Keiji Inafune's Mighty No. 9, which drew in more than $3.8 million on Kickstarter in 2013, has reportedly been delayed. The game was originally expected this spring but in April got pushed back to September 15. Now Game Informer says it won't actually be out until sometime in 2016.
The Mighty No. 9 release date on Gamestop and Amazon is now listed as 12/31/2016. That's obviously a placeholder, but according to the report, those dates are dropped in when a game is announced or delayed, and more to the point, they originate from the publisher. The obvious implication is that, even if Deep Silver hasn't officially announced it, if it's the source of the new date, then we've got a wait ahead of us.
It's possible that only the console versions have been delayed, since Steam still lists the launch date as September 15. It's also possible that the Gamestop and Amazon listings are incorrect, and that there will be no delay at all. But a postponement doesn't seem entirely unlikely: Backer response to Mighty No. 9, including an opening stage speedrun posted yesterday, hasn't been entirely positive, and developer Comcept is struggling with Red Ash, another Mega Man-inspired project, which was awkwardly "re-purposed" for stretch goals after an external publishing partner was found just a few days prior to the end of the (inevitably failed) Kickstarter. The one project doesn't necessarily have anything to do with the other, but it does hint at not-entirely-smooth sailing at the studio.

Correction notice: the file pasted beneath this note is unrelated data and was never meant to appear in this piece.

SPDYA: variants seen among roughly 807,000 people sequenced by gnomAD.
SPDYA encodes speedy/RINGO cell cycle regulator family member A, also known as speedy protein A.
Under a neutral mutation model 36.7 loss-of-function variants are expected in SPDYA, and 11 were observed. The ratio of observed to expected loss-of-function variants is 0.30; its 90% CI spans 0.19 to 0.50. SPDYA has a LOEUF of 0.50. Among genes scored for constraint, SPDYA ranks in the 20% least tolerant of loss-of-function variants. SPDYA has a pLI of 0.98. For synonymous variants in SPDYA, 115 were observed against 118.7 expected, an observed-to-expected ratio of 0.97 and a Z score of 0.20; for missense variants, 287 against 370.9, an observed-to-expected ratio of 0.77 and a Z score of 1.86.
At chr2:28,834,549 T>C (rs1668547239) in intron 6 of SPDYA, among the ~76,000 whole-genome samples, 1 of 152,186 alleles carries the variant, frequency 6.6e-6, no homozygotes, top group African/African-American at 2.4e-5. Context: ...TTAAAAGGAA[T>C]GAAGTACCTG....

We've reached out to Deep Silver and Comcept for confirmation of the delay and will update if and when we receive a reply.
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Andy has been gaming on PCs from the very beginning, starting as a youngster with text adventures and primitive action games on a cassette-based TRS80. From there he graduated to the glory days of Sierra Online adventures and Microprose sims, ran a local BBS, learned how to build PCs, and developed a longstanding love of RPGs, immersive sims, and shooters. He began writing videogame news in 2007 for The Escapist and somehow managed to avoid getting fired until 2014, when he joined the storied ranks of PC Gamer. He covers all aspects of the industry, from new game announcements and patch notes to legal disputes, Twitch beefs, esports, and Henry Cavill. Lots of Henry Cavill.